Timothy Tye
Keramat Iskandar Syah, Fort Canning

Keramat Iskandar Syah, SingaporeKeramat Iskandar Syah, Singapore (9 July, 2006)

Keramat Iskandar Syah (GPS: 1.29436, 103.84728), or the Shrine of Iskandar Shah, is believed by some locals in Singapore to be the burial site of Raja Iskandar Shah, the last of five kings to rule Singapore in the 14th century. Some scholars and historians have matched him as Parameswara, the founder of the Sultanate of Malacca, although more research is being presently under study.

Since 1822, this site has been regarded as the keramat and makam or tomb of Raja Iskandar Syah. According to Malay traditions, the first Malay king and his chief minister were buried on Fort Canning Hill. According to the interpretation board, Iskandar Syah is the last of five kings to rule Singapore in the 14th century. When Singapore was attacked, Iskandar Syah is said to have escape and moved north, where he subsequently established Malacca. Chinese chronicles recorded the demise of Iskandar Syah in 1420, but did not state the location of his burial place.

When the British cleared the land at Fort Canning Hill, they discovered ruins on this site. Archaeologists have also discovered pottery and other artifacts dating to the 14th century in the vicinity.

Keramat Iskandar Syah, SingaporeKeramat Iskandar Syah, Singapore (9 July, 2006)

Keramat Iskandar Syah, SingaporeKeramat Iskandar Syah, Singapore (9 July, 2006)

Keramat Iskandar Syah, SingaporeKeramat Iskandar Syah, Singapore (9 July, 2006)

Malay chronicles state that the first King of Malays, Sri Tri Buana and his Chief Minister, Demang Lebar Daun were buried at Bukit Larangan, now known as Fort Canning. The grave called Keramat Iskandar Syah has been known as early as by 1822, a few years after the modern establishment of Singapore, and had been venerated by Muslims, Chinese and Hindus. Although the original structure has since disappeared, recent archaeological excavations unveiled 14th century artefacts a few metres north and east of it.

Malay Annals
According to Malay Annals, Sri Sultan (Raja) Mohammad Iskandar Shah, who was also known as Parameswara before his conversion to Islam, was the last of five kings from Majapahit royal blood. Iskandar Shah had moved to the Malay Peninsula and ruled over Malacca and Singapore in the 14th century. He is sometimes identified with Parameswara, the descendent of Sang Nila Utama. Sang Nila Utama, also known as Sri Tri Buana, is credited to have arrived at Temasek, as Singapore was called at that time. He saw a lion-like beast on the island, and renamed the island Singapura.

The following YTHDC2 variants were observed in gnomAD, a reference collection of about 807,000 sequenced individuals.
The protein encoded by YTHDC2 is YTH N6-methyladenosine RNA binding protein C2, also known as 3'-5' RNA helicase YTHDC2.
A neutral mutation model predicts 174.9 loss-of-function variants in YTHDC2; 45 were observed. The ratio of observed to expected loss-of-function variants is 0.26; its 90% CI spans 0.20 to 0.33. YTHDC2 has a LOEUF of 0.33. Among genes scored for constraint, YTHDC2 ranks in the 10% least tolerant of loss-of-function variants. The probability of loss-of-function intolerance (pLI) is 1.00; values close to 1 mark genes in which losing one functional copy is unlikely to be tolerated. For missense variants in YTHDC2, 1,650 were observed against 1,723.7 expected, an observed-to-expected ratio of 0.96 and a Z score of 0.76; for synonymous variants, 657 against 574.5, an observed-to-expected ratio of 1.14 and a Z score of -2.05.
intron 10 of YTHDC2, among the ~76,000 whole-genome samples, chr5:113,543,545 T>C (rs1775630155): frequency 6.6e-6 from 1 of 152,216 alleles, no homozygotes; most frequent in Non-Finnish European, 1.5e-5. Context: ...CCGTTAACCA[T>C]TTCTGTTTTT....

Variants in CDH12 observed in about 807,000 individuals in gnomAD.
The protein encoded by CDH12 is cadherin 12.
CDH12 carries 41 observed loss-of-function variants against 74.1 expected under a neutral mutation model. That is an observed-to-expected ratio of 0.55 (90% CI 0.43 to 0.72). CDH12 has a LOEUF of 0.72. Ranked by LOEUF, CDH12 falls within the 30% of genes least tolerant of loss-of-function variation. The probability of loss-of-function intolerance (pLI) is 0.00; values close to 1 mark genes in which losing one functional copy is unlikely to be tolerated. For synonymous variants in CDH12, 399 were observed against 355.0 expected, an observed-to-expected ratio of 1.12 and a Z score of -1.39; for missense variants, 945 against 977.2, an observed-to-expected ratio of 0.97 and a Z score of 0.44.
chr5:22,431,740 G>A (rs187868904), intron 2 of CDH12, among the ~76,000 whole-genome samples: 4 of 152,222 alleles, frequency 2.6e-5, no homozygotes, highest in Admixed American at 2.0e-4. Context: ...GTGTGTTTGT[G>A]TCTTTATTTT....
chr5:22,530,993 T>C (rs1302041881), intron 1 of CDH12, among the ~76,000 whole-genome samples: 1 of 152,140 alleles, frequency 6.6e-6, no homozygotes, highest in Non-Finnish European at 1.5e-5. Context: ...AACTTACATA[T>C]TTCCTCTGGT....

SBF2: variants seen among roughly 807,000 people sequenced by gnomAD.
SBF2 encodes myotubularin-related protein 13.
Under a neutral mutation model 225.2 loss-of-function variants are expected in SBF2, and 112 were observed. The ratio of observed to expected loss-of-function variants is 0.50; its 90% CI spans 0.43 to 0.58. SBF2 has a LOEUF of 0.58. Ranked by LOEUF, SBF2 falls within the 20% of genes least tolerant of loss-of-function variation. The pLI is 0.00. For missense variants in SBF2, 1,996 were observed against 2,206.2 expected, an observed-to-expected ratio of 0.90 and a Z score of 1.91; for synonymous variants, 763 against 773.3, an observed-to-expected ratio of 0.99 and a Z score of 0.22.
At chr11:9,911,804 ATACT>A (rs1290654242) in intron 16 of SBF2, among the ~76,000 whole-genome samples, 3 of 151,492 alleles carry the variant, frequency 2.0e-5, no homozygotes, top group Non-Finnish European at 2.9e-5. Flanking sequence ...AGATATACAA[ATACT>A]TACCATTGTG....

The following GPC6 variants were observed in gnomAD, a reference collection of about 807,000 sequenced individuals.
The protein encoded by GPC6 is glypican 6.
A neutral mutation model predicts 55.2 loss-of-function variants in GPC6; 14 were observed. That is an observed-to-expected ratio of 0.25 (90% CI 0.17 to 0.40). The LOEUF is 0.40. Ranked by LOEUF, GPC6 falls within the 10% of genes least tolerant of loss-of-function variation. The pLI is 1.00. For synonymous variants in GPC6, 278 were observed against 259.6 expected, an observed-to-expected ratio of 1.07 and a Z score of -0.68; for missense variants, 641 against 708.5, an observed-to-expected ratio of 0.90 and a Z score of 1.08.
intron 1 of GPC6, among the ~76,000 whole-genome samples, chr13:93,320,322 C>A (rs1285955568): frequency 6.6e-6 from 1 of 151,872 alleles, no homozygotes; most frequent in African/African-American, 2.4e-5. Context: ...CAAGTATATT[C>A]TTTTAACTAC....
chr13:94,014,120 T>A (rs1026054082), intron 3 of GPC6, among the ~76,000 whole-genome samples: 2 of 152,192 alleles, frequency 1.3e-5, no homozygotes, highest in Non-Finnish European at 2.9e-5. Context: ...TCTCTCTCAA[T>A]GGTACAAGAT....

Iskandar Shah is said to have fled Singapore for Muar and then Malacca. There is no conclusive evidence whether his remains are buried in the Keramat Iskandar Syah. The grave is still being maintained by a Muslim family and their descendants who keep the burning of incense there.

Portuguese Records

Portuguese records, based on accounts of Alfonso d'Alburquerque, the Portuguese governor of Malacca, stated that the founder of Malacca was Parameswara, a runaway Javanese prince who fled Palembang for Temasek where he murdered and usurped the island's throne. However, he was forced to flee again again, when Thai forces invaded the island to avenge the murder of the ruler, their vassal.

Chinese records

Another account on Iskandar Shah came from Chinese sources. Ming dynasty tablets indicate that on 3 October 1405, Pai-li-mi-su-la, interpreted as Parameswara, paid homage to the Chinese Emperor. However, after five further visits over a span of two years, the Ming court was informed of his death on 5 October 1414 by his son, Mu-kan-sa-yu-ti-er-sha, interpreted as Megat Iskandar Shah.

Several Malay rulers called themselves Iskandar, claiming to have descended from Iskandar Zulkarnain, or Alexander the Great.However, only one, Iskandar Shah, was mentioned in the Malay Annals, as being the founder of Malacca. This ruler, however, is believed to have died and was buried in Malacca, not in Singapore. In all likelihood, it was Sri Tri Buana who was buried at Bukit Larangan, and not Iskandar Shah, blurring the claim that the grave is that of the latter's.

Keramat Iskandar Syah, SingaporeKeramat Iskandar Syah, Singapore (9 July, 2006)

Keramat Iskandar Syah is on the map of Fort Canning

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